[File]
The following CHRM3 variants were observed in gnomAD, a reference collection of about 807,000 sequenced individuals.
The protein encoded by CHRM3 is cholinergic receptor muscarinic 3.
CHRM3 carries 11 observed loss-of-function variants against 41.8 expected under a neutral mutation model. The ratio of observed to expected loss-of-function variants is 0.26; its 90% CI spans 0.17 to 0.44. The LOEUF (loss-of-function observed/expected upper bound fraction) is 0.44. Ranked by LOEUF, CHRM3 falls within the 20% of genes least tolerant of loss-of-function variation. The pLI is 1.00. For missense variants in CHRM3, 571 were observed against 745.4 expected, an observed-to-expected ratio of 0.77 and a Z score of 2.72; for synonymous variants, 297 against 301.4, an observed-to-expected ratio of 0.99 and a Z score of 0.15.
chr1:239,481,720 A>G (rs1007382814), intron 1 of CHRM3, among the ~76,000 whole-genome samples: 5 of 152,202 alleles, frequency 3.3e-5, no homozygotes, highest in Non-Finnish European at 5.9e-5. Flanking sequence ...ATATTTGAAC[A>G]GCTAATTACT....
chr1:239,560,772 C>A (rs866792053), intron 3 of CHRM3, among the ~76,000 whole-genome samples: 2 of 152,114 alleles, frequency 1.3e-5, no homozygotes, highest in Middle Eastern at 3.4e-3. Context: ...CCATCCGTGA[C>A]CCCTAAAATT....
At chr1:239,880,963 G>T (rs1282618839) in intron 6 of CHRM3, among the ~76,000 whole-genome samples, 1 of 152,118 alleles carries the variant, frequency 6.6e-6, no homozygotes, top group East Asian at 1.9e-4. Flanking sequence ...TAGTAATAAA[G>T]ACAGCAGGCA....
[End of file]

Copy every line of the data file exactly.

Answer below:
The following CHRM3 variants were observed in gnomAD, a reference collection of about 807,000 sequenced individuals.
The protein encoded by CHRM3 is cholinergic receptor muscarinic 3.
CHRM3 carries 11 observed loss-of-function variants against 41.8 expected under a neutral mutation model. The ratio of observed to expected loss-of-function variants is 0.26; its 90% CI spans 0.17 to 0.44. The LOEUF (loss-of-function observed/expected upper bound fraction) is 0.44. Ranked by LOEUF, CHRM3 falls within the 20% of genes least tolerant of loss-of-function variation. The pLI is 1.00. For missense variants in CHRM3, 571 were observed against 745.4 expected, an observed-to-expected ratio of 0.77 and a Z score of 2.72; for synonymous variants, 297 against 301.4, an observed-to-expected ratio of 0.99 and a Z score of 0.15.
chr1:239,481,720 A>G (rs1007382814), intron 1 of CHRM3, among the ~76,000 whole-genome samples: 5 of 152,202 alleles, frequency 3.3e-5, no homozygotes, highest in Non-Finnish European at 5.9e-5. Flanking sequence ...ATATTTGAAC[A>G]GCTAATTACT....
chr1:239,560,772 C>A (rs866792053), intron 3 of CHRM3, among the ~76,000 whole-genome samples: 2 of 152,114 alleles, frequency 1.3e-5, no homozygotes, highest in Middle Eastern at 3.4e-3. Context: ...CCATCCGTGA[C>A]CCCTAAAATT....
At chr1:239,880,963 G>T (rs1282618839) in intron 6 of CHRM3, among the ~76,000 whole-genome samples, 1 of 152,118 alleles carries the variant, frequency 6.6e-6, no homozygotes, top group East Asian at 1.9e-4. Flanking sequence ...TAGTAATAAA[G>T]ACAGCAGGCA....